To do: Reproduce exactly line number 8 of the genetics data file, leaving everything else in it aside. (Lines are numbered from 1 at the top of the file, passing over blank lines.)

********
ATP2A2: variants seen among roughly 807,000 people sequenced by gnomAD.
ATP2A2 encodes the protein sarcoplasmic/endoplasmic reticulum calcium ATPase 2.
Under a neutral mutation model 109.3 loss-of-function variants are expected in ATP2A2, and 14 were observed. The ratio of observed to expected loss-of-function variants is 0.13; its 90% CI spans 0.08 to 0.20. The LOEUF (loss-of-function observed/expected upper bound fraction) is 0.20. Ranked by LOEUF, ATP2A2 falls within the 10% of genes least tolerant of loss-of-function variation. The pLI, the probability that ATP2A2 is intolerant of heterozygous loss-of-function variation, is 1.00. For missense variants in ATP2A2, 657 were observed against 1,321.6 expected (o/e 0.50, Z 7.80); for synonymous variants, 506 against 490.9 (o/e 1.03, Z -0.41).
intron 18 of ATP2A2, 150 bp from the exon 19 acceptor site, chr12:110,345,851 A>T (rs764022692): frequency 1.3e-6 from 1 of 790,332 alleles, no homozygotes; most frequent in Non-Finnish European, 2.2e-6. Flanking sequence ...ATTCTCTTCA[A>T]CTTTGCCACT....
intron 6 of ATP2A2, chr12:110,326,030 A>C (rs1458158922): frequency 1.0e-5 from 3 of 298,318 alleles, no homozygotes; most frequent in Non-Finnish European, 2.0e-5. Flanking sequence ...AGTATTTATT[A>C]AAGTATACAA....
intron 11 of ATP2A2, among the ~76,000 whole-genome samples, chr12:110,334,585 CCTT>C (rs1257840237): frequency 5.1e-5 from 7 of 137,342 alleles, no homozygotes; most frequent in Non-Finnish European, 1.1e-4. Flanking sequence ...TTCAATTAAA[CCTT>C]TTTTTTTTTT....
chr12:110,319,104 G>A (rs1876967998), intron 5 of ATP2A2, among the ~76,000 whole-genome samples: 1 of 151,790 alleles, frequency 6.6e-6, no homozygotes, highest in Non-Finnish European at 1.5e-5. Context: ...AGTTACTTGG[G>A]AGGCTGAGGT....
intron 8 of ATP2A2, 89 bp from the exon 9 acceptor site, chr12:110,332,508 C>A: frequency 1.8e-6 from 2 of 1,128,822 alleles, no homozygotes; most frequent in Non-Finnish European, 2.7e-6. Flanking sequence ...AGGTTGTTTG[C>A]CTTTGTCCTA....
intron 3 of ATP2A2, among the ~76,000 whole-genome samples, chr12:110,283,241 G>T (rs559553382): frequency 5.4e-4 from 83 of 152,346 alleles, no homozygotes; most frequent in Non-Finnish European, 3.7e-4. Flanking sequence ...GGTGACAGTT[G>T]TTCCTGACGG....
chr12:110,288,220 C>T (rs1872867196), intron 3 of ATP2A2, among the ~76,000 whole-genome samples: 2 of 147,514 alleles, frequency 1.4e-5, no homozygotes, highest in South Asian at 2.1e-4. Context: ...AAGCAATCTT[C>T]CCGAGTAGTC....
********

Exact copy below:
intron 8 of ATP2A2, 89 bp from the exon 9 acceptor site, chr12:110,332,508 C>A: frequency 1.8e-6 from 2 of 1,128,822 alleles, no homozygotes; most frequent in Non-Finnish European, 2.7e-6. Flanking sequence ...AGGTTGTTTG[C>A]CTTTGTCCTA....